Provisions for rainwater harvesting have been made, alongside solar power, solar pump and biogas facilities. Diggings for deep tube wells with potable water at a depth of 700-750 feet have been made; the water will be supplied to the clusters through solar pumps.[43]Crossroads, pathways within the clusters, and access roads to the landing sites have been constructed.[44]Four warehouses are being built to store food and non-food materials. The island will also have a jetty, a dam, a fire service unit, and a meteorological office. A police camp has already been built on Bhasan Char,[45] but security and surveillance will be enhanced with the installation of 120 cameras, construction of watchtowers and perimeter fencing.

Since Bhasan Char is at an average altitude of 2.84 meters above the mean sea level,[46]many low-lying areas have been filled with sand to raise their height and to protect the new centre from river erosion or floods. A three metre-high flood defence embankment is being built to protect the island from tidal waves and natural disasters.[47] Two helipads have been constructed, and eight high-speed boats have been provided for emergency evacuation and transport.[48]

Rohingya relocation plan: Uncertainties

Although the facilities built on Bhasan Char will provide the Rohingyas with better living conditions than what are available at the Cox’s Bazar camps, many worries remain over the government’s relocation plans.

Environmental concerns

Tidal currents carry massive amounts of sediment to the shallow waters, and the ebbs and flows of these currents create coastal landforms or chars.[49]Younger chars have a lower elevation than older ones, meaning they are more susceptible to flooding.[50] Bhasan Char itself is relatively new—emerging in 2006—and is thus geologically more vulnerable during storm surges, floods and cyclones. The government is addressing the issue by building dams and raising the platforms of the houses on the island.

Bangladesh has been building dams on the chars since the 1960s.[51]Recent research suggests that such human-made earthen dykes could be putting the islands at higher risk by disrupting the natural land elevation process through the deposit of silt.[52]When Cyclone Aila struck the low-lying Polder 32 island in 2009, about 330 lives were lost, over 8000 people went missing, and about one million people were left homeless. In 2016, the tidal flows in the Meghna estuary caused erosion that destroyed 8 km of newly-built embankments.[53]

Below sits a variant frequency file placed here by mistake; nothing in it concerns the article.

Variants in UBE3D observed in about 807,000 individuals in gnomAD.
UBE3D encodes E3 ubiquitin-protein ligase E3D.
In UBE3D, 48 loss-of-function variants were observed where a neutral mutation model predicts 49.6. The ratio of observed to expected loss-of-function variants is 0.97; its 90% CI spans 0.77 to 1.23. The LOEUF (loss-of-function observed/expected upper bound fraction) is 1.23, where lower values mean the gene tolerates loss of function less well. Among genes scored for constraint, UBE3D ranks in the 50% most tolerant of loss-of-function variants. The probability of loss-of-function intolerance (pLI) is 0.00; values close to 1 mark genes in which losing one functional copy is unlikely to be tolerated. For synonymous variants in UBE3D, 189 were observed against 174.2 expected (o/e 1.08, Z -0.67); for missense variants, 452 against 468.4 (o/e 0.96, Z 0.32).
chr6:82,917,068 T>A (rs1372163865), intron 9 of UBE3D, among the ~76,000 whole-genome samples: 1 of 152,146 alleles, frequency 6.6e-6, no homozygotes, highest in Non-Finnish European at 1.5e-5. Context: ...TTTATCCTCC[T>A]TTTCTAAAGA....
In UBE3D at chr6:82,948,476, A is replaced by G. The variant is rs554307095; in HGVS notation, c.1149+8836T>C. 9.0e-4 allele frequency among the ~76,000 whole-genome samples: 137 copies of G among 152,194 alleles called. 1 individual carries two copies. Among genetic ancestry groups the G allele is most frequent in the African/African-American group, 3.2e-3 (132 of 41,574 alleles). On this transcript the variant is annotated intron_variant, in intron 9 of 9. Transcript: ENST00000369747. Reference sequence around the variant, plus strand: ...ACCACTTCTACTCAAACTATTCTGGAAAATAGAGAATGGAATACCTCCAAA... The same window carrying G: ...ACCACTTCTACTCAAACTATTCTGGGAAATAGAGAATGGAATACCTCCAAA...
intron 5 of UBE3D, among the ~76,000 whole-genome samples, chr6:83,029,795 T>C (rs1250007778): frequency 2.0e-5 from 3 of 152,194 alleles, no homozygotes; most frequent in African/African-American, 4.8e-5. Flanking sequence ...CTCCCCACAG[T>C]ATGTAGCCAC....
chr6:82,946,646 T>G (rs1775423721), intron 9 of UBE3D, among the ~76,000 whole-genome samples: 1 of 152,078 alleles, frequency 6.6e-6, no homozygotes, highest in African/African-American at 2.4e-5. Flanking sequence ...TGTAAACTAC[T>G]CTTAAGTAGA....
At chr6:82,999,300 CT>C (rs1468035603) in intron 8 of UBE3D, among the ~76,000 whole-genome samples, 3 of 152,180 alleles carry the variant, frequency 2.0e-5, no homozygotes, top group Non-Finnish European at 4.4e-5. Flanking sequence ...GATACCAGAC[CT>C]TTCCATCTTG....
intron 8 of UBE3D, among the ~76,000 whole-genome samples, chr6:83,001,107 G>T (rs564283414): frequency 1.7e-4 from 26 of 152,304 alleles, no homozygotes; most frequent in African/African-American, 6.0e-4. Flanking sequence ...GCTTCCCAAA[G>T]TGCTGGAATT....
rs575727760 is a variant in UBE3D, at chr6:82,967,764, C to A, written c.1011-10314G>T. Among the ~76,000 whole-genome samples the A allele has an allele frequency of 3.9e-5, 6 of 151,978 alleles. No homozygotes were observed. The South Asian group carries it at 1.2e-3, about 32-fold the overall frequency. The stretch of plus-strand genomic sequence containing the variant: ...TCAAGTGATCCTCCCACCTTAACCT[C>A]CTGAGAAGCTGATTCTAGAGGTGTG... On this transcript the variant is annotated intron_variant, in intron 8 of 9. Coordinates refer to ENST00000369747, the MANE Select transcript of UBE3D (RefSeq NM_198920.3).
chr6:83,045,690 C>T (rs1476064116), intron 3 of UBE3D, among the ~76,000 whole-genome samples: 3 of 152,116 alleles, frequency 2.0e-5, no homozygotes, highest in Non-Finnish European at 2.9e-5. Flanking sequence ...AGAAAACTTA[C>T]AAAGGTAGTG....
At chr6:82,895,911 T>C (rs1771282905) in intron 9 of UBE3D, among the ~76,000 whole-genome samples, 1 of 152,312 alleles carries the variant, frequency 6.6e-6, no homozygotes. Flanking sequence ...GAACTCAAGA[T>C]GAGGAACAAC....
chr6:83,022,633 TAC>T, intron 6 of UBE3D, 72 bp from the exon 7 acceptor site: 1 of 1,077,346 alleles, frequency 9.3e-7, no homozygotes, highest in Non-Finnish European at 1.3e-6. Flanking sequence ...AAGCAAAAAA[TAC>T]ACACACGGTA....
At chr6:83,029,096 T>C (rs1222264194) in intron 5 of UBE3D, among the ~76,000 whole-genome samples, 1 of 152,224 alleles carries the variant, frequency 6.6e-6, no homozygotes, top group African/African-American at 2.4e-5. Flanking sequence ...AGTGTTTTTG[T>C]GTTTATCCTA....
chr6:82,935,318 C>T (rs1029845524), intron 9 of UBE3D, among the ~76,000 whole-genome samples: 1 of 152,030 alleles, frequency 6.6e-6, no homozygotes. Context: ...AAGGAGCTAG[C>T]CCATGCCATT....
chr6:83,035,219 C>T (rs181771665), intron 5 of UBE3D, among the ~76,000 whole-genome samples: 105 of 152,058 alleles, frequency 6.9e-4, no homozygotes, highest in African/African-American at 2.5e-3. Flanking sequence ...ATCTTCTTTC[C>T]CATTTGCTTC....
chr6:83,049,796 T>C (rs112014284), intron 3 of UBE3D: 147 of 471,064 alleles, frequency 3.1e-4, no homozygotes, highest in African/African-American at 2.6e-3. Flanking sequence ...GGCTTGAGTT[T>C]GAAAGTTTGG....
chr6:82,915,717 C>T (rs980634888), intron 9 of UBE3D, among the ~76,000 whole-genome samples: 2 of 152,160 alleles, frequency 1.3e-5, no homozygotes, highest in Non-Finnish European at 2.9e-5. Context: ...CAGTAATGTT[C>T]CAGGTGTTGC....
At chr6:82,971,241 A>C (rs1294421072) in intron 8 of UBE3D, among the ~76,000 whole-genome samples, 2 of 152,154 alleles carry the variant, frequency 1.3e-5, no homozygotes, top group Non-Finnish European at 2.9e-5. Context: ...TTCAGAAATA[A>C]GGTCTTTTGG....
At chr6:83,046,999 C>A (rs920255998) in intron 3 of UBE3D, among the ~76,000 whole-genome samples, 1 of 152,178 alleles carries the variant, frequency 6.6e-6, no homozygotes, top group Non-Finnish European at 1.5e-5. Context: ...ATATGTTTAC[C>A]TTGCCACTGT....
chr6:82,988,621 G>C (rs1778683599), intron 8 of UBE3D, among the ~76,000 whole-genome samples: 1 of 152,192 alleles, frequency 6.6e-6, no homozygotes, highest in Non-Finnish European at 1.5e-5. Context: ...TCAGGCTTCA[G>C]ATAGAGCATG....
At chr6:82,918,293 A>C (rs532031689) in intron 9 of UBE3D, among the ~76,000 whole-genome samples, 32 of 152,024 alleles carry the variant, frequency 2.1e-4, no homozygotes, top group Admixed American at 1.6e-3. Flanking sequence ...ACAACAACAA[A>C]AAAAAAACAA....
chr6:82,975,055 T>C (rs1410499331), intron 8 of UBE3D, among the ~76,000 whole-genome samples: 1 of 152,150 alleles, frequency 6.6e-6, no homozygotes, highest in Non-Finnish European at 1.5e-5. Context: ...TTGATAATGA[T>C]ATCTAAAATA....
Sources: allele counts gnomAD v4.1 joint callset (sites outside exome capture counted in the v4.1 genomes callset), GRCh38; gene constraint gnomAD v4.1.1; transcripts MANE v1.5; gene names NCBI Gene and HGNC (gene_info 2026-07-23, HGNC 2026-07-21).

Studies also revealed that sea-level changes from 2015 to 2017 had moved the Bhasan Char surface northwards, with the southern part slowly vanishing (See Figure 4).[54]This raises further questions about the sustainability of the resources built on the island and the viability of the government’s plans.

Figure 4: Movement of Bhasan Char surface to the north. 2015 (Red), 2016 (Green) and 2017 (Blue)

Source: Andreas Braun and Bad Saulgau, “Radar Satellite Imagery for humanitarian response Bridging the gap between technology and application”, Dissertation work, Tubingen University, 2019

Besides, Bhasan Char will be the first to be hit should a cyclone or tsunami strike the region. It will be highly difficult to make arrangements and build facilities to protect the island from such natural calamities.

Healthcare facilities

According to the Ashrayan-3 project, the shelter houses built to safeguard from floods or storm surges will be used for medical purposes as well. The government has indicated it will provide 40 hospital beds,[55] but this is woefully inadequate to cater to the nearly 100,000 people it plans to relocate to the island. To meet the World Health Organization’s prescribed 1:1000 doctor-patient ratio,[56]about 100 trained doctors will be needed at the Bhasan Char medical facility. The government has not made known how many doctors and nurses will be there. It has announced, however, that in a medical emergency, patients will be moved to hospitals in Hatiya District. Given that the mainland is roughly a three-hour boat ride away, patients in critical condition may not survive the journey, or their condition could worsen.

The easy availability of essential medication is also crucial, but the government has yet to address how it aims to ensure this.

Education programmes

Despite designating some shelters for education purposes, education does not appear to be a priority, and no concrete plans have been made.

According to the UN Human Rights Commission’s 2019 Joint Response Plan for the Rohingya crisis, “over 39 percent of children aged 3-14 years and 97 percent of adolescents and youth aged 15-24 years [in the refugee camps] did not attend any type of education facility.”[57]

Ensuring access to education can contribute to the growth of the individual and help them establish a livelihood.

Livelihood opportunities

The Bangladesh government has promised to provide livelihood opportunities at Bhasan Char, including agricultural work; fish, poultry and dairy farming; apiculture; and handicrafts.[58]Shops will also be set up in the designated market place. The government is partnering with NGOs to buy the works produced by the Rohingyas on the island and sell them on the mainland.[59] However, the process of setting up work opportunities remains unclear. There is also the question of whether the refugees will have the necessary skills required to engage in these activities, and for that, the government will need to design and implement skills training programmes.